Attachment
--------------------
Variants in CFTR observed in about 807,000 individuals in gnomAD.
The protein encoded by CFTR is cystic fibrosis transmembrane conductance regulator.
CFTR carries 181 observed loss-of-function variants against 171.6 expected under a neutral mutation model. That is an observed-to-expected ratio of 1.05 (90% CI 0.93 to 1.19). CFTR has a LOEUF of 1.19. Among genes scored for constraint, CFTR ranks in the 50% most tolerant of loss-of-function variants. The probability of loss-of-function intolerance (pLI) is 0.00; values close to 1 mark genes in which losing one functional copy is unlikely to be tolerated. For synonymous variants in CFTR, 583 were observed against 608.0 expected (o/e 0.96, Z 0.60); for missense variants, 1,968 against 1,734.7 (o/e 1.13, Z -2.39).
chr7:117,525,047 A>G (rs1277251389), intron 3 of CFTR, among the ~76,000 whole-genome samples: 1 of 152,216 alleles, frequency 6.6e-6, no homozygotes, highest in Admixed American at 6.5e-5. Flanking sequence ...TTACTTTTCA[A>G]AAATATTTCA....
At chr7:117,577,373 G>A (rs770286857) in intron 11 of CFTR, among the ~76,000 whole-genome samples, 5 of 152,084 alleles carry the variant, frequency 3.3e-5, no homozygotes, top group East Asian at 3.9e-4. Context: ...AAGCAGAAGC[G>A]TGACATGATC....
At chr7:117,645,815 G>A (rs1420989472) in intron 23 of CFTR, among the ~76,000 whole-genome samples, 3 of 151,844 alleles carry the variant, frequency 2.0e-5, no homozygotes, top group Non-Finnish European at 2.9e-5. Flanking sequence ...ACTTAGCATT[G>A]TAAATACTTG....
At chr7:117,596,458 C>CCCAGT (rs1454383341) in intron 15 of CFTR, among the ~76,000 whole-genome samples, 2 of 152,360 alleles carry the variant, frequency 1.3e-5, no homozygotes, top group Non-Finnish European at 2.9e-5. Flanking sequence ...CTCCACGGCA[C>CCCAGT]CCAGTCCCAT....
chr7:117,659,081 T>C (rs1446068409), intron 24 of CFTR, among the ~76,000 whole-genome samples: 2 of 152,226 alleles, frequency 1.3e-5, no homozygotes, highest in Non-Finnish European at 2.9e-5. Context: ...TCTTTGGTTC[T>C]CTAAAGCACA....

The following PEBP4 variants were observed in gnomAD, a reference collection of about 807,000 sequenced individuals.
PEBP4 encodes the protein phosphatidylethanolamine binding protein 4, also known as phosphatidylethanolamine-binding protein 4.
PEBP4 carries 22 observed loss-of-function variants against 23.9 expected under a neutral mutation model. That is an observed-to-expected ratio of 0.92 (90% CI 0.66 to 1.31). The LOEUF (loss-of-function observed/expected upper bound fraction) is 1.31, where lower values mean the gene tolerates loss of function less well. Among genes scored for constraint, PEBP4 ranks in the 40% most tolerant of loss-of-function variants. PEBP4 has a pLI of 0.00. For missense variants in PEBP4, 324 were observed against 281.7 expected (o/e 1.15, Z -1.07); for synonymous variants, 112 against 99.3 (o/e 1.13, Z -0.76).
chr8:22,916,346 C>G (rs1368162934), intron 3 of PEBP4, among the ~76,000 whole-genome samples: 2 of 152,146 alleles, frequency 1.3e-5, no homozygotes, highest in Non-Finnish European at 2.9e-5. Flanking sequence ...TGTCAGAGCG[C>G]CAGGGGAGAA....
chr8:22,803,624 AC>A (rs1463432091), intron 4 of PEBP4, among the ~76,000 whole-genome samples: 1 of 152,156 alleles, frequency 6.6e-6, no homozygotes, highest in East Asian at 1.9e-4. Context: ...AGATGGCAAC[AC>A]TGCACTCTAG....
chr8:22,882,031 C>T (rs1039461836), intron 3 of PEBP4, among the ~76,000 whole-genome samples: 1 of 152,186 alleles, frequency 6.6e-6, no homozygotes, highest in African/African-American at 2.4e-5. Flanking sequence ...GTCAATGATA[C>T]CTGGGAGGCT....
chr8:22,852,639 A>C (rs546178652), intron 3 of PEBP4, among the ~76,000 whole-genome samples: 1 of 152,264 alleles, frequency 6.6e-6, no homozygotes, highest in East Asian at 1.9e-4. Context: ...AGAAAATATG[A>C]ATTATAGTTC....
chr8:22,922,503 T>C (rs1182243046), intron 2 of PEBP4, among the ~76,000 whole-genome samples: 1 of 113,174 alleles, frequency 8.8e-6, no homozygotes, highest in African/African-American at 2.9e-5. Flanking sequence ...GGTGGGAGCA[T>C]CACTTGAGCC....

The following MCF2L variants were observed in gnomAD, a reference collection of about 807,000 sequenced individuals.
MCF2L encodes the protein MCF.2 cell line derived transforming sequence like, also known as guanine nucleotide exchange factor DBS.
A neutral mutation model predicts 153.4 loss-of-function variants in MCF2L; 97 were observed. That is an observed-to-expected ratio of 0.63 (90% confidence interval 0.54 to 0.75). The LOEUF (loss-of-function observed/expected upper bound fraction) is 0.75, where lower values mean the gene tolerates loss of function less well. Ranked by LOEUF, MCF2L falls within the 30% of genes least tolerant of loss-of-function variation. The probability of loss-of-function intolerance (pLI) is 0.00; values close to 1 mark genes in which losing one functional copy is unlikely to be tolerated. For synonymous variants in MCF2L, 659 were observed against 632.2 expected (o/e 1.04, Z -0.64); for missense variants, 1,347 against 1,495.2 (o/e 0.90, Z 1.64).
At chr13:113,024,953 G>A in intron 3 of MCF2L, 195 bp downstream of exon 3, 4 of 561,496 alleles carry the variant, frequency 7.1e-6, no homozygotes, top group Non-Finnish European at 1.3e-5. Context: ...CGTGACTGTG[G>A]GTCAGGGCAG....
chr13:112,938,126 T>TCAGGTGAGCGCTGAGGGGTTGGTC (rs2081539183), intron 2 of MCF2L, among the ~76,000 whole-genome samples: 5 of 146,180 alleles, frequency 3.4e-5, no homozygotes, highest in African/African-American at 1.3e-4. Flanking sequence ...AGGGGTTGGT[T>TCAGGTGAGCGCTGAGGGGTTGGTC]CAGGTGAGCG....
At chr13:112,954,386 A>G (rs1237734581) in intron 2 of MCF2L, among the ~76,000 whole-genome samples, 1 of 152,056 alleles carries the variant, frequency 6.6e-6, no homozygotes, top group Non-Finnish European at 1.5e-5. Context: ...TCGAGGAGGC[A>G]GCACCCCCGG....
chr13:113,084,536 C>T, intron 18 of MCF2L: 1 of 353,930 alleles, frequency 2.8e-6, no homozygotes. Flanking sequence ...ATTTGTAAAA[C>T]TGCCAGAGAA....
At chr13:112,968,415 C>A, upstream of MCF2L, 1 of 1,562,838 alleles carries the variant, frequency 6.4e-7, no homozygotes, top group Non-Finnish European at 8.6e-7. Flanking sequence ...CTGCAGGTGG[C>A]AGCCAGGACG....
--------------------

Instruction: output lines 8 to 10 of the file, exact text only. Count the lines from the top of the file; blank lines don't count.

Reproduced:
chr7:117,659,081 T>C (rs1446068409), intron 24 of CFTR, among the ~76,000 whole-genome samples: 2 of 152,226 alleles, frequency 1.3e-5, no homozygotes, highest in Non-Finnish European at 2.9e-5. Context: ...TCTTTGGTTC[T>C]CTAAAGCACA....

The following PEBP4 variants were observed in gnomAD, a reference collection of about 807,000 sequenced individuals.
PEBP4 encodes the protein phosphatidylethanolamine binding protein 4, also known as phosphatidylethanolamine-binding protein 4.